- “Say ‘hi’ for me to your wife, please. Wish you have a baby tomorrow.... hehe.”
- “Your honeymoon was very funny? You did what? :) Tell me something....Haha.”
• A Hauerwas thought that has challenged me this week in my own life and in how I understand some of the goals of church leadership: “Peacemaking as a virtue is an act of imagination built on long habits of the resolution of differences. The great problem in the world is that our imagination has been stilled, since it has not made a practice of confronting wrongs so that violence might be avoided. In truth, we must say that the church has too often failed the world by its failure to witness in our own life the kind of conflict necessary to be a community of peace. Without an example of a peacemaking community, the world has no alternative but to use violence as the means to settle disputes.”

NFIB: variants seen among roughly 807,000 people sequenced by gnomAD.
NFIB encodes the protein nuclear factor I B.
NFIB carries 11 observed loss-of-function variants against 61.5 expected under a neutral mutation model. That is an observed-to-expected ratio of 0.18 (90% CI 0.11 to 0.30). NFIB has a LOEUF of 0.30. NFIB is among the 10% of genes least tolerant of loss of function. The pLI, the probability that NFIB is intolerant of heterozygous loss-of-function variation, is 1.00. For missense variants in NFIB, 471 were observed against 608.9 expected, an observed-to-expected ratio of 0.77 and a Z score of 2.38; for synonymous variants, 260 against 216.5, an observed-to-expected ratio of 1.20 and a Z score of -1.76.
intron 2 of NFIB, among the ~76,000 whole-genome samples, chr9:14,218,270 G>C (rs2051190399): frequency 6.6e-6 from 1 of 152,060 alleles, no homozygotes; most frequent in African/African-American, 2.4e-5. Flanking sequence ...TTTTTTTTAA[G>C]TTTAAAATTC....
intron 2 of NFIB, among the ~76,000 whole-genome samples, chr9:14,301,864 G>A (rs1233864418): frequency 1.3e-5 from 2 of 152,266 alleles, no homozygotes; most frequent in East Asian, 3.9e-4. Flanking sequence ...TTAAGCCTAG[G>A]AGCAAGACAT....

• It’s amazing how long the smell of garlic smells with you. I overloaded some pasta sauce with chopped-up garlic on Tuesday evening, and I could still smell it today at work. I have a sensitive nose, so I doubt anyone else noticed it. I hope no one else noticed it. I’m new there, and don’t want to be unfairly branded “Garlic Guy” in the first week.